A key positive aspect of population ageing is that the new generations of older populations are a resource to the societies they live in. Being healthier as a group, we have the potential in our old age to contribute towards not just our own well-being but also help sustain a rising economic and social prosperity for our nations. There are also higher aspirations among the new generations of older people, for example for independent living with the help of better and more comprehensive pensions, health and social care provisions as well as age-friendly communities. These new paradigms of active and healthy ageing motivate the work of the Active Ageing Index project.
The Active Ageing Index (AAI) has been developed for the EU countries during 2012, the European Year of Active Ageing and Solidarity between Generations. The work was initiated at the European Centre, and its second phase is currently undertaken at the Centre for Research on Ageing, University of Southampton. The European Commission with the support of the UNECE funds the AAI project, whose work benefitted from the advice of the AAI international Expert Group, comprising academics, statisticians and representatives of national governments and international organisations.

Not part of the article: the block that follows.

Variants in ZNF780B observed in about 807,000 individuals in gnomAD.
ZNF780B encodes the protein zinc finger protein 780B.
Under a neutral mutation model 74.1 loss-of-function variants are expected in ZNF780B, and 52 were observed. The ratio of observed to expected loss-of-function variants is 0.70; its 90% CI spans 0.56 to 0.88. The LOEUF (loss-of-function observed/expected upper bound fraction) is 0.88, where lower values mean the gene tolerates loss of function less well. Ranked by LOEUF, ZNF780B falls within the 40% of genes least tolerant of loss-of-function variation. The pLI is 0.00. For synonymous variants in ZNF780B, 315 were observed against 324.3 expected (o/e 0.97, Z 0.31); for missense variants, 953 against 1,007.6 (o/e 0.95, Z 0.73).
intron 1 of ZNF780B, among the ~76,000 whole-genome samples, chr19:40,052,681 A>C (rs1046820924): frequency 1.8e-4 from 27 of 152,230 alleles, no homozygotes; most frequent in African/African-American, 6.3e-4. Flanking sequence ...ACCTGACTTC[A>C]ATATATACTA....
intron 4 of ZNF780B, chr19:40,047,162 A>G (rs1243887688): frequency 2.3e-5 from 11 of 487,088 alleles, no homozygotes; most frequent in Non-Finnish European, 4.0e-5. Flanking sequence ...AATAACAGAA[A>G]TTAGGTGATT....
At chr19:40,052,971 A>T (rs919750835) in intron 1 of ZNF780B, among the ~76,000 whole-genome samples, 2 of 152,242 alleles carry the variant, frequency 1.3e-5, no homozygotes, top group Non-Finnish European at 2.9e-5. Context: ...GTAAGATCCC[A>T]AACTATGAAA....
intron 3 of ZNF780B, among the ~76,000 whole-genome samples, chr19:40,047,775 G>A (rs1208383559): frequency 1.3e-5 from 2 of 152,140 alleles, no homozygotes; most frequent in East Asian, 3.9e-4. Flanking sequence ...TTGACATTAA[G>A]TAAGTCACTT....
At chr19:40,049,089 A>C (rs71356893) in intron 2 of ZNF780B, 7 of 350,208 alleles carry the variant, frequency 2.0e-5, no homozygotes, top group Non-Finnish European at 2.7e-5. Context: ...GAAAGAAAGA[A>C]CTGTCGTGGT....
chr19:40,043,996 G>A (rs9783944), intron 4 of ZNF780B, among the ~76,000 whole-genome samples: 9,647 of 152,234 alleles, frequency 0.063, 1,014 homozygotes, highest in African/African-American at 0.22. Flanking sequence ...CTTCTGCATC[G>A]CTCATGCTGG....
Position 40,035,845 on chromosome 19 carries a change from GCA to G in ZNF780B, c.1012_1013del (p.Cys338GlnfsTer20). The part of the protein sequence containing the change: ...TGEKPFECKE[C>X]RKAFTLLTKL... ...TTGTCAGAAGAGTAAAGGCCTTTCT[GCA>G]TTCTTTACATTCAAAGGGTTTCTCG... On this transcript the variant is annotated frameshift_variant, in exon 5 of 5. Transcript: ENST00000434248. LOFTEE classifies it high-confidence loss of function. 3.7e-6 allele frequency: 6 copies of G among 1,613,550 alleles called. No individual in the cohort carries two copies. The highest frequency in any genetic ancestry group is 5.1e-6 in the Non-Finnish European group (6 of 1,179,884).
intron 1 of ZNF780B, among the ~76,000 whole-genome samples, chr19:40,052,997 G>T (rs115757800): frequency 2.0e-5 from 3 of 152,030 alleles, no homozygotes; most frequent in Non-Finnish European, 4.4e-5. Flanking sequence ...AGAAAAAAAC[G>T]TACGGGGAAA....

This Policy Brief summarises the results of the latest 2014 AAI for the 28 EU countries. The in-depth analysis of the constituent parts of the AAI (its 22 indicators in four domains) helps to explore what forms of active ageing potentials of older people have yet to be realised in different countries. With results now available for three data points, the AAI has started to facilitate the benchmarking of country performances, to encourage countries to look at policies and programmes that other countries have adopted and learn from those experiences.
Looking at the trends between the 2010 AAI (year: 2008) and the 2014 AAI (year: 2012), an increase of 2 points is recorded on average in the EU28. This improvement is quite remarkable given the economic crisis and fiscal austerity measures observed during this period. Overall, it is safe to assume that some progress has been made with regard to active ageing over this period, and further progress can be expected once economic and budgetary conditions have returned to normal. It is unclear though how much of the progress observed is attributable to policy changes, how much is the result of past policy choices and how much is simply the result of data inconsistencies. Further in-depth analysis is required to draw further policy insights from these results.